The climate of the Tionesta Area is cool and humid.  The average annual precipitation is 42 inches, of which 16 inches falls between June and October.  The average annual temperature is 46F., and the average summer temperature is 66F.  The length of growing season is about 123

Figure 4.- The topography of the Tionesta Scenic and Research Natural Areas.  The contour interval is 20 feet.

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days.  The average date for the last killing frost in the spring is 25 May, and the first killing frost in autumn is 25 September.


The Tionesta tract lies within the northern part of the unglaciated Allegheny Plateau.  The topography is typical of plateaus: it has flat uplands and steep-sided V -shaped valleys cut by streams.  Elevations range from 1,500 feet above sea level in the stream bottoms to about 1,960 feet on the plateau tops (fig. 4).
    The area is drained by the Cherry Run and Fork Run branches of Tionesta Creek, which flows southwest into the Allegheny River.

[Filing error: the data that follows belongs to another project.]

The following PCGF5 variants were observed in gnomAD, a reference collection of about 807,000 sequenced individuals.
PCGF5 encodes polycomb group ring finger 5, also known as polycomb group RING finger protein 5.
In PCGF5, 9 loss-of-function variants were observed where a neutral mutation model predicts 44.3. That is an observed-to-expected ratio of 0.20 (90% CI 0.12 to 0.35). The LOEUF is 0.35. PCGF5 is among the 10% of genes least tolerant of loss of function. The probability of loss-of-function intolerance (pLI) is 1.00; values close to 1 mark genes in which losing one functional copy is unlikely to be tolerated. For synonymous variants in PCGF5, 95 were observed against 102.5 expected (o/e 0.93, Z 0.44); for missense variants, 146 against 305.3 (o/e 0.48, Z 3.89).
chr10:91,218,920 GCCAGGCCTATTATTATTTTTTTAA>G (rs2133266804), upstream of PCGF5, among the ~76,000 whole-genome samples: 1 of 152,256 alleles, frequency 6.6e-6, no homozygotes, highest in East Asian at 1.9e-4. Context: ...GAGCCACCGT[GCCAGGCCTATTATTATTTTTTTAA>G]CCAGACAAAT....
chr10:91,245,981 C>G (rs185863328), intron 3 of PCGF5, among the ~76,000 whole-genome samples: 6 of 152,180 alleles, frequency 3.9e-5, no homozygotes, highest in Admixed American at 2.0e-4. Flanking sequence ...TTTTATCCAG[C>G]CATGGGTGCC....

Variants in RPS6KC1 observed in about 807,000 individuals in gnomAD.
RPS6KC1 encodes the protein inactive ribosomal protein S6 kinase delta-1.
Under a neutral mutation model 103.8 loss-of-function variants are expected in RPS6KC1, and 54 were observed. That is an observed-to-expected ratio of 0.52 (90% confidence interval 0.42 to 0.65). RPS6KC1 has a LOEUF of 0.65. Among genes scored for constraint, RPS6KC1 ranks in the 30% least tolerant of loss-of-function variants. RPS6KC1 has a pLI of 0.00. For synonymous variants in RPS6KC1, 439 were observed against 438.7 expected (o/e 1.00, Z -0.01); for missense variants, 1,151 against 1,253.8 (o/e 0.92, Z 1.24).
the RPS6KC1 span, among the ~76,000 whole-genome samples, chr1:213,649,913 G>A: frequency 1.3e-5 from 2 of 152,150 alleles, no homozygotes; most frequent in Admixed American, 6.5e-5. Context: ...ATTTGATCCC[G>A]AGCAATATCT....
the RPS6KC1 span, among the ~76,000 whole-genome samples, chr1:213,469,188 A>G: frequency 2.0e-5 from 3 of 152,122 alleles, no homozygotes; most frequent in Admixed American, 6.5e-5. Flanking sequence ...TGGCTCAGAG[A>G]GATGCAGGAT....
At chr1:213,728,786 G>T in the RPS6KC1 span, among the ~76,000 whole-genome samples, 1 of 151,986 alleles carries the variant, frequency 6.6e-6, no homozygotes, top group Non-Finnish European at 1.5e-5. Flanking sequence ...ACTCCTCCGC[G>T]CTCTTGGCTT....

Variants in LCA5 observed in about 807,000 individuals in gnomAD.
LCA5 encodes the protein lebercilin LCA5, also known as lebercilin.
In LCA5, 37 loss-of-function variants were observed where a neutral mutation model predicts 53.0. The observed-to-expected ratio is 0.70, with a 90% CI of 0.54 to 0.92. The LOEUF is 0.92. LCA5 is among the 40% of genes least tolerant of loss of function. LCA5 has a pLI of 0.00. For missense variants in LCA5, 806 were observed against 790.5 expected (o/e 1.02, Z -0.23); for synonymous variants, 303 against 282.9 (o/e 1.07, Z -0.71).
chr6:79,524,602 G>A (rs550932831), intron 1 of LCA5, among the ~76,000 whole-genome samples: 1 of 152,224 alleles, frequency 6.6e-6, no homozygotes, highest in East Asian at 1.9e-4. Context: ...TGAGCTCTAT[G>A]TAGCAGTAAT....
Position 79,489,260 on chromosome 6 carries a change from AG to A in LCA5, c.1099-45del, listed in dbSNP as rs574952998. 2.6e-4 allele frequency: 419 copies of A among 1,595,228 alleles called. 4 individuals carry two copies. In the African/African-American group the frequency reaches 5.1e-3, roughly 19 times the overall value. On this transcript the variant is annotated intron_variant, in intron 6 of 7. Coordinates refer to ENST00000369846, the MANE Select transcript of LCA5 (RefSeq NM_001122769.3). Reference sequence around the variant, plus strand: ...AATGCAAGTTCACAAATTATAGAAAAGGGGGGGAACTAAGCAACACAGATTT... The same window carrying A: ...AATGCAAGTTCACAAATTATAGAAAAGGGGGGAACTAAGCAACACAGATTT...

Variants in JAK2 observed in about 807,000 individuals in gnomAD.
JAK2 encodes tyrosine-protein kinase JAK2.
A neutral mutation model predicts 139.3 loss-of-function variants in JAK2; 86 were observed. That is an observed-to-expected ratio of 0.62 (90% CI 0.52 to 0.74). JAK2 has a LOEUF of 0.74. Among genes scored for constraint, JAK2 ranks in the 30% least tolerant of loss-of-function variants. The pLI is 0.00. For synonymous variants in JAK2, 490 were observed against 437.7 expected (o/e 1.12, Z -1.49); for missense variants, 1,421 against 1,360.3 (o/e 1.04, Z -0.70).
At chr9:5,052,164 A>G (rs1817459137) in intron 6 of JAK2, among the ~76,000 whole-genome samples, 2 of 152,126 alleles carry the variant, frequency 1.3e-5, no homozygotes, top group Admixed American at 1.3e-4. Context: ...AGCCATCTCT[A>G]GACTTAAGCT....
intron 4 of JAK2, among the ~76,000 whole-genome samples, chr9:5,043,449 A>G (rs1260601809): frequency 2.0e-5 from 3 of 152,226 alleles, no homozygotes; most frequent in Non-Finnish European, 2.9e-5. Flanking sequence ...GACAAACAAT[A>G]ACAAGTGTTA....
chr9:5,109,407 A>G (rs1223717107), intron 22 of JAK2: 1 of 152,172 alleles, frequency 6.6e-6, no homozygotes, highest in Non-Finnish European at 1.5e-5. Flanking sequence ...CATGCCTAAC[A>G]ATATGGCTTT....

The soils are derived from the Pottsville sandstone and conglomerate that cap the Plateau and from shales and sandstones on the slopes (fig. 5).  In general, these are very stony and extremely stony loams or sandy loams. They are strongly acid-pH 5.1 to 5.5.
    The major soil types in the Tionesta tract are

Figure 5.- This outcropping of sandstone and conglomerate rocks is in the southwest corner of the Scenic Area.

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Hazelton sandy loam, Cookport sandy loam, and Cavode silt loam.  These are residual soils, and all are found in both plateau and slope positions.
    Hazelton series are deep (at least 40 inches to bedrock) well-drained soils developed from sandstone.   The water table, where present, is normally below 4 feet.
    Cookport series, formed from sandstone, are deep, moderately well drained to somewhat poorly drained.  However, during wet periods, they have a seasonal high water table influenced by an impermeable layer 18 to 36 inches below the surface.
    Cavode series are deep but somewhat poorly drained soils formed from acid clay shale.  They have a seasonal high water table within 6 to 18 inches of the surface during wet periods.
    Despite the differences in soil drainage among these soils, the forest vegetation does not differ visibly from one soil type to another.

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